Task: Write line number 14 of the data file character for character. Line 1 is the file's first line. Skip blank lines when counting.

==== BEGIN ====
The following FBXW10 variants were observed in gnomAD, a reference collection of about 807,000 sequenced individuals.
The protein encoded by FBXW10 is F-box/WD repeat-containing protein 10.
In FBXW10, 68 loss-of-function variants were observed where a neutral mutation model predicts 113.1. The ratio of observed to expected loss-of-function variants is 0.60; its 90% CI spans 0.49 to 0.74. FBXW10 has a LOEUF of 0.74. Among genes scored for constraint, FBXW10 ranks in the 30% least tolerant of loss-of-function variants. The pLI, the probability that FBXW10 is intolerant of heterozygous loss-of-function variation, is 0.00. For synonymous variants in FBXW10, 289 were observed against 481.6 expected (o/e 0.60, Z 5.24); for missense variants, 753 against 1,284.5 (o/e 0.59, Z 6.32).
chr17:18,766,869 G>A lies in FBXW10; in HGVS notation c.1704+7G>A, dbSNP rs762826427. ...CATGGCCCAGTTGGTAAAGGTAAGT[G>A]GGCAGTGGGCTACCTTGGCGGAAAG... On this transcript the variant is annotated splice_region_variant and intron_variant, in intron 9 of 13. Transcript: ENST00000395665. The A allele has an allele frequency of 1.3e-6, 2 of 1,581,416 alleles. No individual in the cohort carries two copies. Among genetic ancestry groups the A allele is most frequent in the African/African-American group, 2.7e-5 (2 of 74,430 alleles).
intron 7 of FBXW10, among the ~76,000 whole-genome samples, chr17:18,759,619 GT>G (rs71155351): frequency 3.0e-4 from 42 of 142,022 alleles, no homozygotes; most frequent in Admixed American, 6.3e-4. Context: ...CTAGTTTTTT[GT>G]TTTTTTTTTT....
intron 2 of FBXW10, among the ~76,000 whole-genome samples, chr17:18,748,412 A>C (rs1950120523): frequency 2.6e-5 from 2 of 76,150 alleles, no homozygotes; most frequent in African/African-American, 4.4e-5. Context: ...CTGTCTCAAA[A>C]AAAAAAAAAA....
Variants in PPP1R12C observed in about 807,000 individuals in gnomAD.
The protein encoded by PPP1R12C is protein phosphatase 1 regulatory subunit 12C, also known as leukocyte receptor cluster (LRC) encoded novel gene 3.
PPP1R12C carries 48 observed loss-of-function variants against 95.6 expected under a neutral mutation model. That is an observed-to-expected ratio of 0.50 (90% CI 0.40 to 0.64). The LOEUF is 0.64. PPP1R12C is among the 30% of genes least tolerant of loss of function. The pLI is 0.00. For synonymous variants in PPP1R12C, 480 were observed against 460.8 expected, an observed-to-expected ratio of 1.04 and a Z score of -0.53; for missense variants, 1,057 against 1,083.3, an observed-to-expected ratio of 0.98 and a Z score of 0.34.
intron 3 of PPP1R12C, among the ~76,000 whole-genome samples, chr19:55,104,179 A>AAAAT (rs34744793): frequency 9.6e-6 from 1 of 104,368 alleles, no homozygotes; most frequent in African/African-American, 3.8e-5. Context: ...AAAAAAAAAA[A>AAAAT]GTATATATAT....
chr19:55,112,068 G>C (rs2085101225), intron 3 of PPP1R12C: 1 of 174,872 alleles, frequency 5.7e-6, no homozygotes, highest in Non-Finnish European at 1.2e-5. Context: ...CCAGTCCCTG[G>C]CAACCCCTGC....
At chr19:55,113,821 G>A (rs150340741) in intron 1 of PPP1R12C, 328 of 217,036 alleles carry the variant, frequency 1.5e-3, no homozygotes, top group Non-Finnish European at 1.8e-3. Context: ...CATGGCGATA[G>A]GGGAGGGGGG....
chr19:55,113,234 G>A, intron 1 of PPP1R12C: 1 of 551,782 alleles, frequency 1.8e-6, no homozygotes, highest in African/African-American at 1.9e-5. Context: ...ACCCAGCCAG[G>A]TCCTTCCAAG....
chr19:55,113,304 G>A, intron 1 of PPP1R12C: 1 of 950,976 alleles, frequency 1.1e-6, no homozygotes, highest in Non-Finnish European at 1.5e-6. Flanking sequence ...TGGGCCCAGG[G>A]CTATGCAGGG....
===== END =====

chr19:55,113,304 G>A, intron 1 of PPP1R12C: 1 of 950,976 alleles, frequency 1.1e-6, no homozygotes, highest in Non-Finnish European at 1.5e-6. Flanking sequence ...TGGGCCCAGG[G>A]CTATGCAGGG....